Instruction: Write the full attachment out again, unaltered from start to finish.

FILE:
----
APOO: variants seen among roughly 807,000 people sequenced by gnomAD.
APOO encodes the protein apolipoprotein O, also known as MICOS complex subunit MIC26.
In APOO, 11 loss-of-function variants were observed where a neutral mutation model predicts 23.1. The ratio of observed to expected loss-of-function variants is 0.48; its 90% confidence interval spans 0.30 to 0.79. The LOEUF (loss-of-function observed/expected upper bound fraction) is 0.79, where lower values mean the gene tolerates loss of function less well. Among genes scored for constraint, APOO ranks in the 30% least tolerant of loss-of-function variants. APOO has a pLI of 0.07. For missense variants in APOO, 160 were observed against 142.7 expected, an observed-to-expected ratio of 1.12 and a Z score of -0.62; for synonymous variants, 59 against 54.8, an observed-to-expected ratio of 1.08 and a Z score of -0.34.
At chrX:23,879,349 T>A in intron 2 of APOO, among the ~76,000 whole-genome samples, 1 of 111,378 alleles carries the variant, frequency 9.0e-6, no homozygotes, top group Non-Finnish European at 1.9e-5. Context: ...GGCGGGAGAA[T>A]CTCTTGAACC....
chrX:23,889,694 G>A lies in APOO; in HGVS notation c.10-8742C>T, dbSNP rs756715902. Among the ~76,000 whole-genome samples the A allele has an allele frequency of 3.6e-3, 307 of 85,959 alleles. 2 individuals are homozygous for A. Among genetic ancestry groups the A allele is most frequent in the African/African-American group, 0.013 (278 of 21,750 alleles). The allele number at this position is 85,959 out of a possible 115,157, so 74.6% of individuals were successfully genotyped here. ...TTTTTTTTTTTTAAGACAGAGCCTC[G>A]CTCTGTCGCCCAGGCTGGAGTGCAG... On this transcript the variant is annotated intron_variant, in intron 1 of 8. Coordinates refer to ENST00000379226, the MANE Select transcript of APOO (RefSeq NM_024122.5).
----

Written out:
APOO: variants seen among roughly 807,000 people sequenced by gnomAD.
APOO encodes the protein apolipoprotein O, also known as MICOS complex subunit MIC26.
In APOO, 11 loss-of-function variants were observed where a neutral mutation model predicts 23.1. The ratio of observed to expected loss-of-function variants is 0.48; its 90% confidence interval spans 0.30 to 0.79. The LOEUF (loss-of-function observed/expected upper bound fraction) is 0.79, where lower values mean the gene tolerates loss of function less well. Among genes scored for constraint, APOO ranks in the 30% least tolerant of loss-of-function variants. APOO has a pLI of 0.07. For missense variants in APOO, 160 were observed against 142.7 expected, an observed-to-expected ratio of 1.12 and a Z score of -0.62; for synonymous variants, 59 against 54.8, an observed-to-expected ratio of 1.08 and a Z score of -0.34.
At chrX:23,879,349 T>A in intron 2 of APOO, among the ~76,000 whole-genome samples, 1 of 111,378 alleles carries the variant, frequency 9.0e-6, no homozygotes, top group Non-Finnish European at 1.9e-5. Context: ...GGCGGGAGAA[T>A]CTCTTGAACC....
chrX:23,889,694 G>A lies in APOO; in HGVS notation c.10-8742C>T, dbSNP rs756715902. Among the ~76,000 whole-genome samples the A allele has an allele frequency of 3.6e-3, 307 of 85,959 alleles. 2 individuals are homozygous for A. Among genetic ancestry groups the A allele is most frequent in the African/African-American group, 0.013 (278 of 21,750 alleles). The allele number at this position is 85,959 out of a possible 115,157, so 74.6% of individuals were successfully genotyped here. ...TTTTTTTTTTTTAAGACAGAGCCTC[G>A]CTCTGTCGCCCAGGCTGGAGTGCAG... On this transcript the variant is annotated intron_variant, in intron 1 of 8. Coordinates refer to ENST00000379226, the MANE Select transcript of APOO (RefSeq NM_024122.5).